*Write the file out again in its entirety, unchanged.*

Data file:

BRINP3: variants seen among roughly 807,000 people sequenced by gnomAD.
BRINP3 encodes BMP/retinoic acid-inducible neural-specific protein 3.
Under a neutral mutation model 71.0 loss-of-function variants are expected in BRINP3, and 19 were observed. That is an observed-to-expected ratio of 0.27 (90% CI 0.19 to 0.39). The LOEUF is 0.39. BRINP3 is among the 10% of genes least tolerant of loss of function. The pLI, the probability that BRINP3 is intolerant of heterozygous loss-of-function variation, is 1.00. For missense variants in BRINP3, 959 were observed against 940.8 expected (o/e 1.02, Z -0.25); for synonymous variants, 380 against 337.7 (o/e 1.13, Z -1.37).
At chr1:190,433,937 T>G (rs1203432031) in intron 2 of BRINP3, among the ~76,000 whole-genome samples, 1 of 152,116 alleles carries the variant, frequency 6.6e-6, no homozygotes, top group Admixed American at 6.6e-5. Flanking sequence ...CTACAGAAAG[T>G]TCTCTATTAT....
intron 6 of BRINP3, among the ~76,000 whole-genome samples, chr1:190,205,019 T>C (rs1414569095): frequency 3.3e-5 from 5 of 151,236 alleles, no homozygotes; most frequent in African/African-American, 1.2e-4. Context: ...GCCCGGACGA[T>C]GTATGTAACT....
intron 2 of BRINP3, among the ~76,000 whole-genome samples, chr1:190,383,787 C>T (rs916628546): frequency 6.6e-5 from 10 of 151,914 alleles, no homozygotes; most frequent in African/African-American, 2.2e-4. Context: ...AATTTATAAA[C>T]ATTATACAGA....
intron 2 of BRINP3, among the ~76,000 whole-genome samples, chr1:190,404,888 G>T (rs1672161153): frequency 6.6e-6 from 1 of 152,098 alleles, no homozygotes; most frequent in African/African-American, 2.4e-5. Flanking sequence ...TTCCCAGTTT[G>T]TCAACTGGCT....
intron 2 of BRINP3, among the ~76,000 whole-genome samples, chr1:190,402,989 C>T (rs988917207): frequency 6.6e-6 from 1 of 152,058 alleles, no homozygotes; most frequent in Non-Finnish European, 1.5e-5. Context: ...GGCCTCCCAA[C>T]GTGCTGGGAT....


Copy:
BRINP3: variants seen among roughly 807,000 people sequenced by gnomAD.
BRINP3 encodes BMP/retinoic acid-inducible neural-specific protein 3.
Under a neutral mutation model 71.0 loss-of-function variants are expected in BRINP3, and 19 were observed. That is an observed-to-expected ratio of 0.27 (90% CI 0.19 to 0.39). The LOEUF is 0.39. BRINP3 is among the 10% of genes least tolerant of loss of function. The pLI, the probability that BRINP3 is intolerant of heterozygous loss-of-function variation, is 1.00. For missense variants in BRINP3, 959 were observed against 940.8 expected (o/e 1.02, Z -0.25); for synonymous variants, 380 against 337.7 (o/e 1.13, Z -1.37).
At chr1:190,433,937 T>G (rs1203432031) in intron 2 of BRINP3, among the ~76,000 whole-genome samples, 1 of 152,116 alleles carries the variant, frequency 6.6e-6, no homozygotes, top group Admixed American at 6.6e-5. Flanking sequence ...CTACAGAAAG[T>G]TCTCTATTAT....
intron 6 of BRINP3, among the ~76,000 whole-genome samples, chr1:190,205,019 T>C (rs1414569095): frequency 3.3e-5 from 5 of 151,236 alleles, no homozygotes; most frequent in African/African-American, 1.2e-4. Context: ...GCCCGGACGA[T>C]GTATGTAACT....
intron 2 of BRINP3, among the ~76,000 whole-genome samples, chr1:190,383,787 C>T (rs916628546): frequency 6.6e-5 from 10 of 151,914 alleles, no homozygotes; most frequent in African/African-American, 2.2e-4. Context: ...AATTTATAAA[C>T]ATTATACAGA....
intron 2 of BRINP3, among the ~76,000 whole-genome samples, chr1:190,404,888 G>T (rs1672161153): frequency 6.6e-6 from 1 of 152,098 alleles, no homozygotes; most frequent in African/African-American, 2.4e-5. Flanking sequence ...TTCCCAGTTT[G>T]TCAACTGGCT....
intron 2 of BRINP3, among the ~76,000 whole-genome samples, chr1:190,402,989 C>T (rs988917207): frequency 6.6e-6 from 1 of 152,058 alleles, no homozygotes; most frequent in Non-Finnish European, 1.5e-5. Context: ...GGCCTCCCAA[C>T]GTGCTGGGAT....